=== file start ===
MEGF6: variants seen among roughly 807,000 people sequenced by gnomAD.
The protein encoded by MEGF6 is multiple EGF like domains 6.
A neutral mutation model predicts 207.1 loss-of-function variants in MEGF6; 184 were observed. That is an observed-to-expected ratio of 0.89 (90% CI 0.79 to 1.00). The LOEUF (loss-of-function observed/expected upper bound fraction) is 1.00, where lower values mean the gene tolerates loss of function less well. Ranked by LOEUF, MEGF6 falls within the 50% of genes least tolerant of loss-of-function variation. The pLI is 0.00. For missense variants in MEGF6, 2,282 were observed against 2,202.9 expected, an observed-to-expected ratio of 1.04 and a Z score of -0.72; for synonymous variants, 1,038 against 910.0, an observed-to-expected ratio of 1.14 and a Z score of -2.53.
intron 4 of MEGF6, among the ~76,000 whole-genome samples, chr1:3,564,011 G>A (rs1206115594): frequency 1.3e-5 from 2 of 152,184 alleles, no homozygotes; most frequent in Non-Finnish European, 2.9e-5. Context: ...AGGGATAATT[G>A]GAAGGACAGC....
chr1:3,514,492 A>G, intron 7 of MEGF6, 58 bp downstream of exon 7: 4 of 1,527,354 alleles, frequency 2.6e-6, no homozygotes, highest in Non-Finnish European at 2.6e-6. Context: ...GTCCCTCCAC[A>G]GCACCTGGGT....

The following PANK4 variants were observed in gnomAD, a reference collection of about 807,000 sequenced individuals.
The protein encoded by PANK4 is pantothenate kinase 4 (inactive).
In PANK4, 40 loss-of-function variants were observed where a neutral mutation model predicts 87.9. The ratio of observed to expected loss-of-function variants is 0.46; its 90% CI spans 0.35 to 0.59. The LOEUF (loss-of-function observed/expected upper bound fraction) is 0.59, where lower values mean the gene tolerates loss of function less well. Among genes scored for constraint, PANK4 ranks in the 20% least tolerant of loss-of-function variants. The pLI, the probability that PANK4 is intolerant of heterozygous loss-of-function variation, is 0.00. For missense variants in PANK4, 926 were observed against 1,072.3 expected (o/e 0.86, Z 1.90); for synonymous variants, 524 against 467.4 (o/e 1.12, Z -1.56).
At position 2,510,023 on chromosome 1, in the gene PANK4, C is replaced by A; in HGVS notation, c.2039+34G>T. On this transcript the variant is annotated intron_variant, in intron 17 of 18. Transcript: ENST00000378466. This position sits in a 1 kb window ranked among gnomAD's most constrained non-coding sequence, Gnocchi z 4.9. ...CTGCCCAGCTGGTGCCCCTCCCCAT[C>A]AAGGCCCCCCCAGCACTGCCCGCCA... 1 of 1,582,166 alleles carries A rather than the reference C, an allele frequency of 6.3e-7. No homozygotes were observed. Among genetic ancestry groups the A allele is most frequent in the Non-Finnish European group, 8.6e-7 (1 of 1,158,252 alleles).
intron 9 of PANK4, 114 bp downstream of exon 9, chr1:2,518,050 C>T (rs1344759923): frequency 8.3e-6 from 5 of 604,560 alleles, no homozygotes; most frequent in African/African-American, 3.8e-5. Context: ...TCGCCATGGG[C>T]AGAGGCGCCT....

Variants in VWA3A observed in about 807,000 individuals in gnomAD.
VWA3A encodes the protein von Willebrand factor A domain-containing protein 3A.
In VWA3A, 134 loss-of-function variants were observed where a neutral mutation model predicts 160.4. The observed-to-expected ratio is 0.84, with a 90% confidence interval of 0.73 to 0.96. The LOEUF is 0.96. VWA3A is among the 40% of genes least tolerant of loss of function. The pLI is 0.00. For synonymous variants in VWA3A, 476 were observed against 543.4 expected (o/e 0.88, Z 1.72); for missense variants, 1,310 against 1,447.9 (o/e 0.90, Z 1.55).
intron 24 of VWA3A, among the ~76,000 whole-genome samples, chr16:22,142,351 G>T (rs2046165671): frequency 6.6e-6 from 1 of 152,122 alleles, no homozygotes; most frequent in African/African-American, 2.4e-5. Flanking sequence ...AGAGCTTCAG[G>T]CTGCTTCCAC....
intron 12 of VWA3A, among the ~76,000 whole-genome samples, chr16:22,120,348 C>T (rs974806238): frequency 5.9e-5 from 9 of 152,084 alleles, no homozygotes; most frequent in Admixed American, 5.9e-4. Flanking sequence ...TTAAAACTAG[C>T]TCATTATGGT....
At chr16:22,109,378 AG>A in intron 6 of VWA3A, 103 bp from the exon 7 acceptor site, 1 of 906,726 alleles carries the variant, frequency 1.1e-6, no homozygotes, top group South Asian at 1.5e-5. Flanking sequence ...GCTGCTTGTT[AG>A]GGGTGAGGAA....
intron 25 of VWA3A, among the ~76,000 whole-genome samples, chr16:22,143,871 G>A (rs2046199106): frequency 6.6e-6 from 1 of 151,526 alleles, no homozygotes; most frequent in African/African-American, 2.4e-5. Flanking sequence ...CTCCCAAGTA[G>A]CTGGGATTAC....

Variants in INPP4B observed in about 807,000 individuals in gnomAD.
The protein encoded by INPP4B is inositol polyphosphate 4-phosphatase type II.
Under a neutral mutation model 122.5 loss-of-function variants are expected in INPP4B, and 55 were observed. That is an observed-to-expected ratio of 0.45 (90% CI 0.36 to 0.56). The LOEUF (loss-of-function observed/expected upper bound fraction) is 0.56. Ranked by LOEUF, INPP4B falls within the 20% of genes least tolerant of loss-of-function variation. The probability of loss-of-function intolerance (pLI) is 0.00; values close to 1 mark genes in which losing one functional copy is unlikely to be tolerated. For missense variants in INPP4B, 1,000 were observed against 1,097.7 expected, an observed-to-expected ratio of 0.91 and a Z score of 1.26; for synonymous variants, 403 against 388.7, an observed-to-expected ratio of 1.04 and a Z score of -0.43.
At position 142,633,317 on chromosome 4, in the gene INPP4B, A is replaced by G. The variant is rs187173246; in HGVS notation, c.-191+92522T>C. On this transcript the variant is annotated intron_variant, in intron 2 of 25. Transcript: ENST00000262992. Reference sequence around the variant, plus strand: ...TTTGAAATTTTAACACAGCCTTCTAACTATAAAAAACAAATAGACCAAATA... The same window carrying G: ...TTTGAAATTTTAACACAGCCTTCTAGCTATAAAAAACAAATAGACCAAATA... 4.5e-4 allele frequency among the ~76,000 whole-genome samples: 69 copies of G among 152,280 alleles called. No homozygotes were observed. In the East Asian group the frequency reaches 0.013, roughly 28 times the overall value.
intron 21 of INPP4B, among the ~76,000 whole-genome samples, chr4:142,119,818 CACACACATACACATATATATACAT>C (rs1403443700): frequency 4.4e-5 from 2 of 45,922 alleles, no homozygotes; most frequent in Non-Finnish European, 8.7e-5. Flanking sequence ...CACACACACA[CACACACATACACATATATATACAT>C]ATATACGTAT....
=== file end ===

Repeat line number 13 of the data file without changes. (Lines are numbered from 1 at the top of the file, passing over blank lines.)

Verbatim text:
In VWA3A, 134 loss-of-function variants were observed where a neutral mutation model predicts 160.4. The observed-to-expected ratio is 0.84, with a 90% confidence interval of 0.73 to 0.96. The LOEUF is 0.96. VWA3A is among the 40% of genes least tolerant of loss of function. The pLI is 0.00. For synonymous variants in VWA3A, 476 were observed against 543.4 expected (o/e 0.88, Z 1.72); for missense variants, 1,310 against 1,447.9 (o/e 0.90, Z 1.55).